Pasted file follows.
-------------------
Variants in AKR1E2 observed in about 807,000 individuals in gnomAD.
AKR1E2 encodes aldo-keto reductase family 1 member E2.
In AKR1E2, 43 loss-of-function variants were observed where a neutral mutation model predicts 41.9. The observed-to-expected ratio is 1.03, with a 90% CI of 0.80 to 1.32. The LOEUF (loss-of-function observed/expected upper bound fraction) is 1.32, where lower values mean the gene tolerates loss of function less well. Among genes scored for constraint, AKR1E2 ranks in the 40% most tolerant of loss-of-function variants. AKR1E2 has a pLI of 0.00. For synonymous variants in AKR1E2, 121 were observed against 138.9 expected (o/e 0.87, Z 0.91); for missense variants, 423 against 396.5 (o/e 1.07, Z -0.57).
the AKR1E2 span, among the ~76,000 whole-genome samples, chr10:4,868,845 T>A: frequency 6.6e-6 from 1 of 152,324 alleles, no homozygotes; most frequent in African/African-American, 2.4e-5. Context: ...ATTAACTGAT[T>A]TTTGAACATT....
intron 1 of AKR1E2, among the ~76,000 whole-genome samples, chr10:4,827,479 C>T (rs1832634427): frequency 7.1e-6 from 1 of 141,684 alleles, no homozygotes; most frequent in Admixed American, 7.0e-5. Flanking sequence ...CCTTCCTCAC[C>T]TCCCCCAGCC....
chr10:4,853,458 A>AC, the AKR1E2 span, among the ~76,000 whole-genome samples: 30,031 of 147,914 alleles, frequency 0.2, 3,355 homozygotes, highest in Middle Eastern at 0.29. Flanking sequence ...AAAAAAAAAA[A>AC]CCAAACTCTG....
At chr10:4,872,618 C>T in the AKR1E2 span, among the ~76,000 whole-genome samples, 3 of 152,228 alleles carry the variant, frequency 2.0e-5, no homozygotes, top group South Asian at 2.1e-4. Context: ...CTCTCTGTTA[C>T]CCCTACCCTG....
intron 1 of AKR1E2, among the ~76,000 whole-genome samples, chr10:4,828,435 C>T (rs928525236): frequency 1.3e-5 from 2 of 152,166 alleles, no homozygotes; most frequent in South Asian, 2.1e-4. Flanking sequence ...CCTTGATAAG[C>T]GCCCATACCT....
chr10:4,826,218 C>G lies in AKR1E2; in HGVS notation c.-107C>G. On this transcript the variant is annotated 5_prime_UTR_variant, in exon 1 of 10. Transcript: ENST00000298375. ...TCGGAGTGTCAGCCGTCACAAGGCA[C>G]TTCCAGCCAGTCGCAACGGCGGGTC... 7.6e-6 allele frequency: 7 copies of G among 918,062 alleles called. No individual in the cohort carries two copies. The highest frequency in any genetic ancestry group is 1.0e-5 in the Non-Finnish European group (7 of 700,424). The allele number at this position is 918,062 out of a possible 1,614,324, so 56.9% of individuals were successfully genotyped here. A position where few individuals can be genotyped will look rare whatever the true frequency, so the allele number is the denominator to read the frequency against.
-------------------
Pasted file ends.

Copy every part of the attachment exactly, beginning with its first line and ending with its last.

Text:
Variants in AKR1E2 observed in about 807,000 individuals in gnomAD.
AKR1E2 encodes aldo-keto reductase family 1 member E2.
In AKR1E2, 43 loss-of-function variants were observed where a neutral mutation model predicts 41.9. The observed-to-expected ratio is 1.03, with a 90% CI of 0.80 to 1.32. The LOEUF (loss-of-function observed/expected upper bound fraction) is 1.32, where lower values mean the gene tolerates loss of function less well. Among genes scored for constraint, AKR1E2 ranks in the 40% most tolerant of loss-of-function variants. AKR1E2 has a pLI of 0.00. For synonymous variants in AKR1E2, 121 were observed against 138.9 expected (o/e 0.87, Z 0.91); for missense variants, 423 against 396.5 (o/e 1.07, Z -0.57).
the AKR1E2 span, among the ~76,000 whole-genome samples, chr10:4,868,845 T>A: frequency 6.6e-6 from 1 of 152,324 alleles, no homozygotes; most frequent in African/African-American, 2.4e-5. Context: ...ATTAACTGAT[T>A]TTTGAACATT....
intron 1 of AKR1E2, among the ~76,000 whole-genome samples, chr10:4,827,479 C>T (rs1832634427): frequency 7.1e-6 from 1 of 141,684 alleles, no homozygotes; most frequent in Admixed American, 7.0e-5. Flanking sequence ...CCTTCCTCAC[C>T]TCCCCCAGCC....
chr10:4,853,458 A>AC, the AKR1E2 span, among the ~76,000 whole-genome samples: 30,031 of 147,914 alleles, frequency 0.2, 3,355 homozygotes, highest in Middle Eastern at 0.29. Flanking sequence ...AAAAAAAAAA[A>AC]CCAAACTCTG....
At chr10:4,872,618 C>T in the AKR1E2 span, among the ~76,000 whole-genome samples, 3 of 152,228 alleles carry the variant, frequency 2.0e-5, no homozygotes, top group South Asian at 2.1e-4. Context: ...CTCTCTGTTA[C>T]CCCTACCCTG....
intron 1 of AKR1E2, among the ~76,000 whole-genome samples, chr10:4,828,435 C>T (rs928525236): frequency 1.3e-5 from 2 of 152,166 alleles, no homozygotes; most frequent in South Asian, 2.1e-4. Flanking sequence ...CCTTGATAAG[C>T]GCCCATACCT....
chr10:4,826,218 C>G lies in AKR1E2; in HGVS notation c.-107C>G. On this transcript the variant is annotated 5_prime_UTR_variant, in exon 1 of 10. Transcript: ENST00000298375. ...TCGGAGTGTCAGCCGTCACAAGGCA[C>G]TTCCAGCCAGTCGCAACGGCGGGTC... 7.6e-6 allele frequency: 7 copies of G among 918,062 alleles called. No individual in the cohort carries two copies. The highest frequency in any genetic ancestry group is 1.0e-5 in the Non-Finnish European group (7 of 700,424). The allele number at this position is 918,062 out of a possible 1,614,324, so 56.9% of individuals were successfully genotyped here. A position where few individuals can be genotyped will look rare whatever the true frequency, so the allele number is the denominator to read the frequency against.